Protect Your Skin from Cancer
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Three Main Skin Cancers
Basal cell is the most frequent occurrence of skin cancer and most slow growing. It is least likely to spread to other body organs, but can grow into surrounding tissue and bone. It is curable and the least disfiguring with early treatment.
Squamous cell occurs less frequently, but grows faster and spreads to other organs more often. It is curable and least disfiguring with early treatment.
Malignant melanoma is relatively uncommon, but frequency has been increasing dramatically, particularly in warmer climates. It grows quickly and spreads to many organs. It is curable with early treatment, however, it is usually fatal if ignored during the early stages. Usually occurs as a small mole-like growth or arises from a pre-existing mole.
Early Warning Signs and Risk Factors
Basal and Squamous Cell
- Frequently characterized by a pale, waxy, pearly nodule which may eventually ulcerate and bleed, or by a red scaly, sharply outlined patch, or by a scar-like patch.
- Starts as a very small area and becomes very large.
- Occurs mainly on sun-exposed areas, such as the head, neck, hands and arms, but can appear on any area of the skin.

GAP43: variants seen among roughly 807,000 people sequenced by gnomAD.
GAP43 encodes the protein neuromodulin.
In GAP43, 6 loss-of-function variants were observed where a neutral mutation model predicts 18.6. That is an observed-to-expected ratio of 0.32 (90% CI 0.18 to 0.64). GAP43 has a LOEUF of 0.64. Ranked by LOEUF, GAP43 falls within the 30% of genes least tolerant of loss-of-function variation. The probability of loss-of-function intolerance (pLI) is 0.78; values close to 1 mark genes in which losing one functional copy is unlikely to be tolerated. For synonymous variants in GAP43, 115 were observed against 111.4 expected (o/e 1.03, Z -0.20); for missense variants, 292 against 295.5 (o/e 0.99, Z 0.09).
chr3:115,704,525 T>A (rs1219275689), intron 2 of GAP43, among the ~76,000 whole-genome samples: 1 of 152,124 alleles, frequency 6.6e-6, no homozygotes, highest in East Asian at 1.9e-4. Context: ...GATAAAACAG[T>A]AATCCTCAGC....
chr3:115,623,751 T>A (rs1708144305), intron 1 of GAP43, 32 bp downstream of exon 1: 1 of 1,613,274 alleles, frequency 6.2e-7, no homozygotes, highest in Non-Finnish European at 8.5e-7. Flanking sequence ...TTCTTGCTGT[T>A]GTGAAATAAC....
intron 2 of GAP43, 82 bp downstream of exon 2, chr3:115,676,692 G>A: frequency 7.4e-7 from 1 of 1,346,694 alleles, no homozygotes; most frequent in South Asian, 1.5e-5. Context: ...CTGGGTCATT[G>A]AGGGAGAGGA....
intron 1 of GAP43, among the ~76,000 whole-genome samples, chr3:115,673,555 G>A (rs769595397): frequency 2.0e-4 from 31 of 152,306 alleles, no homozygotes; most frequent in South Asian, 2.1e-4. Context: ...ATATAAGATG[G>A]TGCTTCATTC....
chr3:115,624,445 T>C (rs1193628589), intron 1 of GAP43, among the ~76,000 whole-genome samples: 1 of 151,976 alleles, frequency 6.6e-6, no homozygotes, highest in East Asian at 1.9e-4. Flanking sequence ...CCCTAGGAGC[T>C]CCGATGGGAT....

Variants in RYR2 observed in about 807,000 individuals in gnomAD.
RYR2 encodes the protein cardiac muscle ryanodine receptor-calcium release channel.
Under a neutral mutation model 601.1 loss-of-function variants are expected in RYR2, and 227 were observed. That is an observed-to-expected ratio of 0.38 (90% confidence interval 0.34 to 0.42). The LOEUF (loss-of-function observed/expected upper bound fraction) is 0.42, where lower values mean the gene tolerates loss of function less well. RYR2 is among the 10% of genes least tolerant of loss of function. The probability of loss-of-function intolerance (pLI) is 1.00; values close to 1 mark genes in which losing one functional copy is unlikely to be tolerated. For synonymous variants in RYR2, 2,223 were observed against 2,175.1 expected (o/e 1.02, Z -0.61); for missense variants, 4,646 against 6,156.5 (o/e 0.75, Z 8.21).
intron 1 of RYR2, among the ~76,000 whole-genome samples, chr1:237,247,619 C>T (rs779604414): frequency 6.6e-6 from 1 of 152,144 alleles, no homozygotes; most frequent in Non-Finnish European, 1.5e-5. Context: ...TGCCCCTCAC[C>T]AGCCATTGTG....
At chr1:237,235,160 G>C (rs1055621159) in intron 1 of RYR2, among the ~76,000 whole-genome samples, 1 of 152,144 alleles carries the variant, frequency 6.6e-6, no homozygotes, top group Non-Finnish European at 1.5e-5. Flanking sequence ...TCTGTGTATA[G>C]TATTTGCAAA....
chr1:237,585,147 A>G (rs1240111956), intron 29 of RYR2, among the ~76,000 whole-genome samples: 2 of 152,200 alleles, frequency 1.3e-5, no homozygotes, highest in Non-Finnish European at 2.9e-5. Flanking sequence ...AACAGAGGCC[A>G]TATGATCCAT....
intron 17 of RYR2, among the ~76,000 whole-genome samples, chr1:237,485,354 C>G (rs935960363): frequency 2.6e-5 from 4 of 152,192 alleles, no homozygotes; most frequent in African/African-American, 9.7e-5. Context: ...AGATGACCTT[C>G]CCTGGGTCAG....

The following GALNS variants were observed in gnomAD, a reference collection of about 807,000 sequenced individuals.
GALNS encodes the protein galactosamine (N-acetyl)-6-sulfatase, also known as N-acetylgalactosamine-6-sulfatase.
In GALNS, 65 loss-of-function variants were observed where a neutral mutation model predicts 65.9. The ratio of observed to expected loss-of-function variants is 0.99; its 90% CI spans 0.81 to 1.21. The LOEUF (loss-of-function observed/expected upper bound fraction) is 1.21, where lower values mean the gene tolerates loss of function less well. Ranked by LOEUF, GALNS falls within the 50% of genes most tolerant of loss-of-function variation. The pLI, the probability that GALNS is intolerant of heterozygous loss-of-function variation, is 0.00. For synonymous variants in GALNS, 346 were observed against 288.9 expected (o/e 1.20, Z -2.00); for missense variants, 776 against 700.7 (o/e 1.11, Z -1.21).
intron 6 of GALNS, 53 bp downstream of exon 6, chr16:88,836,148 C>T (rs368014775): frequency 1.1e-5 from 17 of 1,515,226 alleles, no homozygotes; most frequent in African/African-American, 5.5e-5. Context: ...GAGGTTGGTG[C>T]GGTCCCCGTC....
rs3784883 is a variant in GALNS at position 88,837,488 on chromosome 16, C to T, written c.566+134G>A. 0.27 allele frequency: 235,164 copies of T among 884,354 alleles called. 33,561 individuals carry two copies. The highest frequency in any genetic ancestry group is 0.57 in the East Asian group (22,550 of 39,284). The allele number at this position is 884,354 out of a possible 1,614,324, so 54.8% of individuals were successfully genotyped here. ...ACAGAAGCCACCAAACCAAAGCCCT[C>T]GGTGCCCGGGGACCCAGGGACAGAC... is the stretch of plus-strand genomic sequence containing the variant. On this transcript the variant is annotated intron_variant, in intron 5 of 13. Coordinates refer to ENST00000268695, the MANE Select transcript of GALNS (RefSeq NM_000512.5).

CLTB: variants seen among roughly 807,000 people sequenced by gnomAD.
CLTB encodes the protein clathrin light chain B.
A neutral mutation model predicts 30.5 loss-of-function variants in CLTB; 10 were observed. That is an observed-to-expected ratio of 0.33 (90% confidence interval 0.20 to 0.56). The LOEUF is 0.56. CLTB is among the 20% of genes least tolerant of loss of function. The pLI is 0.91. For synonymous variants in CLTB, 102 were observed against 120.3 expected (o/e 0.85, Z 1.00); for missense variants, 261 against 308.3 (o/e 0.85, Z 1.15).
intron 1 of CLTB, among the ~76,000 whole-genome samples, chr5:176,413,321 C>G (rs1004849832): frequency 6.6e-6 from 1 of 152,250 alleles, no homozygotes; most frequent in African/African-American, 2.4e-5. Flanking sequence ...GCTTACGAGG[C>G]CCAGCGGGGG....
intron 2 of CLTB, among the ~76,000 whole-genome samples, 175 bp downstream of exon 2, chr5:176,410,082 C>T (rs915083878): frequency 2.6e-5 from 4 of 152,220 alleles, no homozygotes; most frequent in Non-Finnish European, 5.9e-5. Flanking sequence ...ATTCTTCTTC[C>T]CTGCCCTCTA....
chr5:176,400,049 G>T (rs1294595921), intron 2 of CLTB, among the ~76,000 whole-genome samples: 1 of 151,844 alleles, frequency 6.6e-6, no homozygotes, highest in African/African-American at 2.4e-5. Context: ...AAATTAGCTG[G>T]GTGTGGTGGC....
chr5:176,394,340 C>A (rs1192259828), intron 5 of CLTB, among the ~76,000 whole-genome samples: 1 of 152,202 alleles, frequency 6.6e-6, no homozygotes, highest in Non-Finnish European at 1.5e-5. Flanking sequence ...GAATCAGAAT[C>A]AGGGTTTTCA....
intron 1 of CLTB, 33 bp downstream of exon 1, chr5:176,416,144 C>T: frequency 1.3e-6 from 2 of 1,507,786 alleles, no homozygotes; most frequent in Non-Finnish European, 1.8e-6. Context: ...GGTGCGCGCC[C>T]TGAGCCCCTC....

- Is usually painless.
Follow the ABCs: Do your moles show:
- A for asymmetry: The mole is no longer symmetrical?
- B for border irregularity: Border is notched where it used to be regular?
- C for color change: A darker color, different color, or uneven color, or the spreading of color from the edge onto the surrounding skin?
- D for diameter increase: Or the appearance of an entirely new mole?
- E for elevation change: In part or all of a mole?
- F for feeling change: A mole becomes itchy, red, swollen, softer or harder, oozes, crusts, bleeds or ulcerates?
If you have one or more of these irregularities on your skin, bring it to your dermatologist's attention immediately. If it is found in the precancerous stage or during its early growth phase, a melanoma can be easily removed easily and completely cured.
Be aware that you may have an increased risks of malignant melanoma if you have:
- A mole that exhibits any of the early warning signs.
- Family members who have had a malignant melanoma.
- Had a malignant melanoma in the past.
- Fair skin, light eye color, sunburn easily and tan with difficulty.
- Had large moles since birth.
- A history of painful or blistering sunburns.
- Considerable outdoor exposure to the sun and live in a sunny climate.
- An indoor occupation and enjoy outdoor recreation.
Skin Cancer FAQs
How do sunscreens work?
Sunscreens work by either absorbing or blocking ultraviolet light. Examples of absorbers are PARA, benzophenones and cinnamates. Examples of sun blockers are zinc oxide, titanium dioxide and ichthammol. Most sunscreens have two or three absorbers to block a higher percentage and broader range of wavelengths.
What does the SPF (sun protection factor) number mean?
This number enables you to select the optimal amount of sun protection and make intelligent choices among the many sunscreens on the market. Dermatologists recommend that the fairer the individual, the higher the SPF. An SPF of at least 15 is recommended for year-round use.
Can excess sun exposure cause premature aging?